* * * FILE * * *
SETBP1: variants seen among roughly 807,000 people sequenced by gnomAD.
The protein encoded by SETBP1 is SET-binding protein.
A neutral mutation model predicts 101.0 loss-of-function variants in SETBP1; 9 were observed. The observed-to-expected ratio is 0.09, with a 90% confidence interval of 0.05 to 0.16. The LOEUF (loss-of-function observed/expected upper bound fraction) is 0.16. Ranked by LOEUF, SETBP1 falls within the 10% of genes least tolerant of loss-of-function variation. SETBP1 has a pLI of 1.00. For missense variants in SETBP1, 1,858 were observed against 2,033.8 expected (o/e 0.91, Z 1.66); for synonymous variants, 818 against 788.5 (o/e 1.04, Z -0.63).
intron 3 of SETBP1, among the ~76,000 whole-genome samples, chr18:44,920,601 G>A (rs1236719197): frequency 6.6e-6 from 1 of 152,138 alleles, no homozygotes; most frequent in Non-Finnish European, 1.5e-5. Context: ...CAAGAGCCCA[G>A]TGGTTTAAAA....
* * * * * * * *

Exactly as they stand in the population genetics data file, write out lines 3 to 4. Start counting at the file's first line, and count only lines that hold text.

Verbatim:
A neutral mutation model predicts 101.0 loss-of-function variants in SETBP1; 9 were observed. The observed-to-expected ratio is 0.09, with a 90% confidence interval of 0.05 to 0.16. The LOEUF (loss-of-function observed/expected upper bound fraction) is 0.16. Ranked by LOEUF, SETBP1 falls within the 10% of genes least tolerant of loss-of-function variation. SETBP1 has a pLI of 1.00. For missense variants in SETBP1, 1,858 were observed against 2,033.8 expected (o/e 0.91, Z 1.66); for synonymous variants, 818 against 788.5 (o/e 1.04, Z -0.63).
intron 3 of SETBP1, among the ~76,000 whole-genome samples, chr18:44,920,601 G>A (rs1236719197): frequency 6.6e-6 from 1 of 152,138 alleles, no homozygotes; most frequent in Non-Finnish European, 1.5e-5. Context: ...CAAGAGCCCA[G>A]TGGTTTAAAA....